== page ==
McCourt is not popular in Limerick and indeed a lot of people here were not impressed with his misery literature. He grew up in the forties and a lot of people in a lot of countries at the time were poor. He was poor. So what?
He made a fortune peddling misery literature. A memoir of a poor , Irish, Catholic childhood might sell well abroad, but no longer sells well in Ireland.We had enough of such literature with Peig.
It was made into a movie where it rained from start to finish- a bit of an exaggeration methinks.
In Ireland we are all too familiar with the genre that McCourt peddled and sick to death of it. He published his memoir just as we had cast off 'Peig'. Peig is a fine memoir but placed the Catholic, Gaelic speaking peasant on a pedestal and it was shoved down our throats. The ideal Irish person was to aspire to living like Peig- in poverty and misery. Steinbeck also writes of the poverty in 1930s America but its not as miserable- maybe you had more sunshine. You still have so-called 'white trash' in America who struggle. the book was a massive success in Europe a swell and translated into several languages. I think elderly Europeans could identify with the poverty.
I read Tis but it became tiresome half way through. I flicked through 'Teacher Man' and that was enough to convince me I could do without it.
Of course in Ireland we also have a culture of begrudgery and hate anyone who is successful.
He made Limerick look bad at a time when it was a referred to as 'stab city' so people were sensitive. If I recall he implied his mother slept with his cousin. He could have left that bit out. Another memoir which was popular in America was Alice Taylor's 'To School through the fields', a West Cork memoir.
Ireland as it was seems to sell well.My grandmother's siblings went to America in the thirties and their great grandchildren have an image of Ireland that is massively dated, which is weird for us.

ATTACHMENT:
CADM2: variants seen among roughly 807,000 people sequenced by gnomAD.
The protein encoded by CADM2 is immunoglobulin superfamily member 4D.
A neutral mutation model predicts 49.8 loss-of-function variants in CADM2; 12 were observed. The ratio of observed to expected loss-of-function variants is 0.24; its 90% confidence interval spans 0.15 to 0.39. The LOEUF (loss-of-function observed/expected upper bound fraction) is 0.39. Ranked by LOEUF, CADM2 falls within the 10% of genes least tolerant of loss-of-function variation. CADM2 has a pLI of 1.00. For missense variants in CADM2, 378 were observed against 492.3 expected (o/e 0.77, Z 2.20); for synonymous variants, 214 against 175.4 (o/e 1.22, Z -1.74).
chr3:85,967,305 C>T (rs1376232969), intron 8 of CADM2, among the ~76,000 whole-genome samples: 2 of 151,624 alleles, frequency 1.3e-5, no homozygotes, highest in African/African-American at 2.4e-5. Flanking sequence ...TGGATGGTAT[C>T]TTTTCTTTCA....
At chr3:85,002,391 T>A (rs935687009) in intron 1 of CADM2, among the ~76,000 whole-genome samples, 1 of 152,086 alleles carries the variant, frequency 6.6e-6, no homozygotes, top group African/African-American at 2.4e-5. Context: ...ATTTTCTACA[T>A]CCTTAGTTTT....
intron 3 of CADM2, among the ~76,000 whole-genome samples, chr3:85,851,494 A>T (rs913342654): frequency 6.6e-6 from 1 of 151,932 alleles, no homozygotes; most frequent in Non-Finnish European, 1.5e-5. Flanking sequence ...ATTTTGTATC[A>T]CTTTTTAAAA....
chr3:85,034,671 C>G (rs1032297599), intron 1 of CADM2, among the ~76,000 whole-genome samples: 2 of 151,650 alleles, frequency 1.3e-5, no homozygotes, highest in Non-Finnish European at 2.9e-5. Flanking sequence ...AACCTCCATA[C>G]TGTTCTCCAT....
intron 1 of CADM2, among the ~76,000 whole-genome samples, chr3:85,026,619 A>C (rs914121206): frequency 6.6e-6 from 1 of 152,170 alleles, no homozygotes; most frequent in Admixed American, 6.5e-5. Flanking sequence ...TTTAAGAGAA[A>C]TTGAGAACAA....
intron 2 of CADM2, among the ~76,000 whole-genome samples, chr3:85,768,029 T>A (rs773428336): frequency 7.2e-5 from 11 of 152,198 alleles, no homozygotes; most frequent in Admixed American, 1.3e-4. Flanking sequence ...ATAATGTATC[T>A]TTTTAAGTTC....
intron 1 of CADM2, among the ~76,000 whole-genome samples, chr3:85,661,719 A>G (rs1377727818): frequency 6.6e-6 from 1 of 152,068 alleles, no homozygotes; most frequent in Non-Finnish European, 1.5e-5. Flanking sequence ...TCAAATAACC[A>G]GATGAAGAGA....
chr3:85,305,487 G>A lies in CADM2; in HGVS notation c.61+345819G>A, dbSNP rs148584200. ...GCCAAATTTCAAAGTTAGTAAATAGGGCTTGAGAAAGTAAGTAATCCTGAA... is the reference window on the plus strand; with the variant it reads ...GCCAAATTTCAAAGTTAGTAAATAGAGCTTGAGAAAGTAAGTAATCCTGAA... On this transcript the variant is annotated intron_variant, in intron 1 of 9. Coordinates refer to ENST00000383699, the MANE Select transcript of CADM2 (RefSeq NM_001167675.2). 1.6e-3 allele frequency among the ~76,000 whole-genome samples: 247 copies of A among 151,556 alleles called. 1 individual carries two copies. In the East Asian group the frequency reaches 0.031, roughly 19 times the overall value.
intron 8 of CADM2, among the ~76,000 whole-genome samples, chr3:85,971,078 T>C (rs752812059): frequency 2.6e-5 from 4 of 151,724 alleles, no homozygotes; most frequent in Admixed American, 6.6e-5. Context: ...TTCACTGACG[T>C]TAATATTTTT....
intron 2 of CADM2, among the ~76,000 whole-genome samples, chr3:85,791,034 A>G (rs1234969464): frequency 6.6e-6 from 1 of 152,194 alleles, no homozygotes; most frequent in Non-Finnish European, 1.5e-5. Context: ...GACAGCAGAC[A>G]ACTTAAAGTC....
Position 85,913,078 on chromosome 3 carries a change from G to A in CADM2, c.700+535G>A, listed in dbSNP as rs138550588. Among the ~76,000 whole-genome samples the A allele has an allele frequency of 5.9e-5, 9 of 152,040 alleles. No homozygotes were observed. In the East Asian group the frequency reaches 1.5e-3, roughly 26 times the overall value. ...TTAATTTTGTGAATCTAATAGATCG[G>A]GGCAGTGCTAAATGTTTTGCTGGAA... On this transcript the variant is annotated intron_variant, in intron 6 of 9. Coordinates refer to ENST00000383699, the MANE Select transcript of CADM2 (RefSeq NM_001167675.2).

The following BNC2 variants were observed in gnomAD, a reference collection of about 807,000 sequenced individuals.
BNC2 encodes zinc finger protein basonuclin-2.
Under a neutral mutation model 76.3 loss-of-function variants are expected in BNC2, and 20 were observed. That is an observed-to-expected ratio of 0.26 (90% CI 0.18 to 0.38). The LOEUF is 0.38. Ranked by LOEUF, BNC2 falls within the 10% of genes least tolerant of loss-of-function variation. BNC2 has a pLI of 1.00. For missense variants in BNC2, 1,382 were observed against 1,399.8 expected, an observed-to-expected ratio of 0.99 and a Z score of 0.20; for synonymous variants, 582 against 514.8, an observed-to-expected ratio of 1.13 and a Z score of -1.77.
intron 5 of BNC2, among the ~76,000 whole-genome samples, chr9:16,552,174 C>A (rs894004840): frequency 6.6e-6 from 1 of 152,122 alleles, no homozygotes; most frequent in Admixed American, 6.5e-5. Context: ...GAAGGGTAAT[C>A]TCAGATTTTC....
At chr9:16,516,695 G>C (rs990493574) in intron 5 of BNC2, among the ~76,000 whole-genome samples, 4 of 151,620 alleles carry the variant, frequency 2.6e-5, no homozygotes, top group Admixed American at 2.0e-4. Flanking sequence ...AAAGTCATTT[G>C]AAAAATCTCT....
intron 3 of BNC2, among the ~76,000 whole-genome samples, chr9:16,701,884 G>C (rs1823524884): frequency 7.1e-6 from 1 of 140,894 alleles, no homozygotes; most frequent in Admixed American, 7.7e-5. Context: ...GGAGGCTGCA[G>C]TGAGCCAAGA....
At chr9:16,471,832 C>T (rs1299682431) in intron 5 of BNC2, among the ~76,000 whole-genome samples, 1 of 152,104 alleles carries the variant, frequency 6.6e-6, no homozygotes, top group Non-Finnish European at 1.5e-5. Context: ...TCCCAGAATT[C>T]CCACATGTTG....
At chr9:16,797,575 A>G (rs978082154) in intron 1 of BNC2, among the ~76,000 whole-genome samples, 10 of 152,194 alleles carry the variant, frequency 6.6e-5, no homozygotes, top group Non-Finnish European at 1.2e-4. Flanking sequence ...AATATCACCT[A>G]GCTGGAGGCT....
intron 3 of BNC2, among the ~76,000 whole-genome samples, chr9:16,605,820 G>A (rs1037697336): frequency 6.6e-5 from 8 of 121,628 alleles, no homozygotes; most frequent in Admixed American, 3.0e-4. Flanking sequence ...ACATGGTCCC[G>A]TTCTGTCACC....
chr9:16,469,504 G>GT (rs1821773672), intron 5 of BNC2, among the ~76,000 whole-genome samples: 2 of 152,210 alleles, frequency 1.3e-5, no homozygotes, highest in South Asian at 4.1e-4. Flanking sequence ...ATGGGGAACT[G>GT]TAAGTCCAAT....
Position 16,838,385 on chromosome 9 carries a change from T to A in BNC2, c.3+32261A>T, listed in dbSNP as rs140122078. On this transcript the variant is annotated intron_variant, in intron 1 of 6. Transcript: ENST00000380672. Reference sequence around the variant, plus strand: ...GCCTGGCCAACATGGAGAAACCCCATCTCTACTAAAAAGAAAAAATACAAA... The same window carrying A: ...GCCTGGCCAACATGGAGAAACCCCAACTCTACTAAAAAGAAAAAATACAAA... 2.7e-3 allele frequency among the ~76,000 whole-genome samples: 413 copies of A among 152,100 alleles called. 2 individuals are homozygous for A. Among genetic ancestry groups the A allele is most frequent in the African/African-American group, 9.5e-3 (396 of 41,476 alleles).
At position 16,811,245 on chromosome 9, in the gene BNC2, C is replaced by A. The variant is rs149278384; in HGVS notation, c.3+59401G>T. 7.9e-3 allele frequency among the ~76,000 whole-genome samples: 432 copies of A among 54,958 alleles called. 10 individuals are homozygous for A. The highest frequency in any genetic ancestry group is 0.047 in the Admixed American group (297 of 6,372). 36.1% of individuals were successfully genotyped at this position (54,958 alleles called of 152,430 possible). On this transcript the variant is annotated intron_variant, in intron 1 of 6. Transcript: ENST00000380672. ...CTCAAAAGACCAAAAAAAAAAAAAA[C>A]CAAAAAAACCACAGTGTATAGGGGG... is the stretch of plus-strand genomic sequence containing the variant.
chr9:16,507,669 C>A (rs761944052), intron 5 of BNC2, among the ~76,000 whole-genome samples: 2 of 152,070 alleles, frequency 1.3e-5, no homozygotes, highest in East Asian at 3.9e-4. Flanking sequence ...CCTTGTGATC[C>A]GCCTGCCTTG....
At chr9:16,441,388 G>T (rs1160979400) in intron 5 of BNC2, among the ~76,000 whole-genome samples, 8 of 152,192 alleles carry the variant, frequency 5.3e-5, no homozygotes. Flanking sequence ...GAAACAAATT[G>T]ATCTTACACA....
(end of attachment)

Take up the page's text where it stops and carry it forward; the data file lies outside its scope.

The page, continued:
Well put, Summer. I think Frank McCourt had reach a point in his life when he wanted to reflect on his early years. A lot of Irish took the book as personal criticism of Limerick and their country. It was a memoir, and in Angela's Ashes McCourt was as hard on himself as he was on anyone in the book.
Good evening Tom McGrath here........I could not agree more with Sumner and Jim Curley. At the time "Ashes" came out there was a great groan from Limerick. McCourt was lambasted from all quarters, Lord Mayor to the local madam. It was his memory of a troubled life. The writer of memoirs and biographies. auto or otherwise, are reporters,. We the readers are the audience, each to take away a different impression of the story as presented by the reporter. Others who experienced the same era and place must make their own story and tell it. In my opinion, for what it's worth, McCourt exposed his soul, to my knowlege his brothers did not deny the tale. At the time or now.
Certainly the book was presented to an "alien" audience, American and to many others as it was a world wide best seller, even in Ireland. When he visited Ireland he was welcomed with great fan fare by most. even in Limerick. Each of our own family memories are softened by time, colored and often covered by emotion, forgiveness, pride, shame, but most always by our own experiences and hopefully growth.
I would refer interested readers to another great read. "A long Way from Penny Apples" by Bill Cullen. 2003. A Dubliner and a more modern version of Horatio Alger. Can you imagine today in the US a family of 14 and nearly destitute, but proud and hustlers. Need a lift, see if you can find it on Abe Books, its worth the read.
Tom, GRMA for these insights. I enjoyed Frank's book a lot and knew him a bit, enough to have his phone number 20 years ago, and have him return my call. This was pre-publication. I found Frank's book entertaining and certainly plausible, but certainly not 'gospel' on life in Limerick during The Depression. It didn't purport to be that, actually, it needs to be said. I also enjoyed the film version immensely.